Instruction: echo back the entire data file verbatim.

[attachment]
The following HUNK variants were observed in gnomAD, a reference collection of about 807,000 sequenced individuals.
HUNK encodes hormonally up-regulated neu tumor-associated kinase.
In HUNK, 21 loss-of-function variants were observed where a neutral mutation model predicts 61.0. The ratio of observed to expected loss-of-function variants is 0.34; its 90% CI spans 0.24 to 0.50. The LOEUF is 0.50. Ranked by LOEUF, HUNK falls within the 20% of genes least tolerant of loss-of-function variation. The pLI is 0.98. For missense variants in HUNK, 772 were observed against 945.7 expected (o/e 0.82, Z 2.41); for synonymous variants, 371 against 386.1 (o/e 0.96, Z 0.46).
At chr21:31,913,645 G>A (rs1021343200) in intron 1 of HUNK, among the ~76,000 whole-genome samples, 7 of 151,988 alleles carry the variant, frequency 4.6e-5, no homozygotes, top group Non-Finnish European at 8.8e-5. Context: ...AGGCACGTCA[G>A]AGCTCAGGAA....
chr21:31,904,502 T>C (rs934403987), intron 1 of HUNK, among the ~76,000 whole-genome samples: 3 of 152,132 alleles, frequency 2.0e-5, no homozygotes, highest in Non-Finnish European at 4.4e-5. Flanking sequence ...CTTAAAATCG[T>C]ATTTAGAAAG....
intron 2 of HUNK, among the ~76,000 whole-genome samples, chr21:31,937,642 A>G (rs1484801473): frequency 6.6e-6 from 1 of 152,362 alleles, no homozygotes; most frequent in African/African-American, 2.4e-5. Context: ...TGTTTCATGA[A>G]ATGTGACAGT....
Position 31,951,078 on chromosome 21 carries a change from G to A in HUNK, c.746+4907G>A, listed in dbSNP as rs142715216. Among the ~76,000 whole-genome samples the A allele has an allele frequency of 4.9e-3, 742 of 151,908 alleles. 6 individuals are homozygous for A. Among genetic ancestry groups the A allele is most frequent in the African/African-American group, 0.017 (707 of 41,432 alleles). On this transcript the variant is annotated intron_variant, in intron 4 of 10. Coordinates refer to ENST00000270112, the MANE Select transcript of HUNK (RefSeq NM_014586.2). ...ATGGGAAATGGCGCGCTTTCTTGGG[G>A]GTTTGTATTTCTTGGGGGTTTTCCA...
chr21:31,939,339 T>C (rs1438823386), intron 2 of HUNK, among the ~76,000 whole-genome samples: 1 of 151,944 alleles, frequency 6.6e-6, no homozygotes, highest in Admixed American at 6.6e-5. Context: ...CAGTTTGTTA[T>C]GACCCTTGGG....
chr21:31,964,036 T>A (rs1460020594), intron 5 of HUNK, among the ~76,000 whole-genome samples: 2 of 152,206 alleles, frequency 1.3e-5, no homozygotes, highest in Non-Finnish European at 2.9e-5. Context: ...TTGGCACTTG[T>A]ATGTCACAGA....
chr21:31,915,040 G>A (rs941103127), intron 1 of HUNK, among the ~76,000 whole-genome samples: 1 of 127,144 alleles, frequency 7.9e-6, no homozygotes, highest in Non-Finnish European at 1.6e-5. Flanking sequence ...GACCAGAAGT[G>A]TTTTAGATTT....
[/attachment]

The following HUNK variants were observed in gnomAD, a reference collection of about 807,000 sequenced individuals.
HUNK encodes hormonally up-regulated neu tumor-associated kinase.
In HUNK, 21 loss-of-function variants were observed where a neutral mutation model predicts 61.0. The ratio of observed to expected loss-of-function variants is 0.34; its 90% CI spans 0.24 to 0.50. The LOEUF is 0.50. Ranked by LOEUF, HUNK falls within the 20% of genes least tolerant of loss-of-function variation. The pLI is 0.98. For missense variants in HUNK, 772 were observed against 945.7 expected (o/e 0.82, Z 2.41); for synonymous variants, 371 against 386.1 (o/e 0.96, Z 0.46).
At chr21:31,913,645 G>A (rs1021343200) in intron 1 of HUNK, among the ~76,000 whole-genome samples, 7 of 151,988 alleles carry the variant, frequency 4.6e-5, no homozygotes, top group Non-Finnish European at 8.8e-5. Context: ...AGGCACGTCA[G>A]AGCTCAGGAA....
chr21:31,904,502 T>C (rs934403987), intron 1 of HUNK, among the ~76,000 whole-genome samples: 3 of 152,132 alleles, frequency 2.0e-5, no homozygotes, highest in Non-Finnish European at 4.4e-5. Flanking sequence ...CTTAAAATCG[T>C]ATTTAGAAAG....
intron 2 of HUNK, among the ~76,000 whole-genome samples, chr21:31,937,642 A>G (rs1484801473): frequency 6.6e-6 from 1 of 152,362 alleles, no homozygotes; most frequent in African/African-American, 2.4e-5. Context: ...TGTTTCATGA[A>G]ATGTGACAGT....
Position 31,951,078 on chromosome 21 carries a change from G to A in HUNK, c.746+4907G>A, listed in dbSNP as rs142715216. Among the ~76,000 whole-genome samples the A allele has an allele frequency of 4.9e-3, 742 of 151,908 alleles. 6 individuals are homozygous for A. Among genetic ancestry groups the A allele is most frequent in the African/African-American group, 0.017 (707 of 41,432 alleles). On this transcript the variant is annotated intron_variant, in intron 4 of 10. Coordinates refer to ENST00000270112, the MANE Select transcript of HUNK (RefSeq NM_014586.2). ...ATGGGAAATGGCGCGCTTTCTTGGG[G>A]GTTTGTATTTCTTGGGGGTTTTCCA...
chr21:31,939,339 T>C (rs1438823386), intron 2 of HUNK, among the ~76,000 whole-genome samples: 1 of 151,944 alleles, frequency 6.6e-6, no homozygotes, highest in Admixed American at 6.6e-5. Context: ...CAGTTTGTTA[T>C]GACCCTTGGG....
chr21:31,964,036 T>A (rs1460020594), intron 5 of HUNK, among the ~76,000 whole-genome samples: 2 of 152,206 alleles, frequency 1.3e-5, no homozygotes, highest in Non-Finnish European at 2.9e-5. Context: ...TTGGCACTTG[T>A]ATGTCACAGA....
chr21:31,915,040 G>A (rs941103127), intron 1 of HUNK, among the ~76,000 whole-genome samples: 1 of 127,144 alleles, frequency 7.9e-6, no homozygotes, highest in Non-Finnish European at 1.6e-5. Flanking sequence ...GACCAGAAGT[G>A]TTTTAGATTT....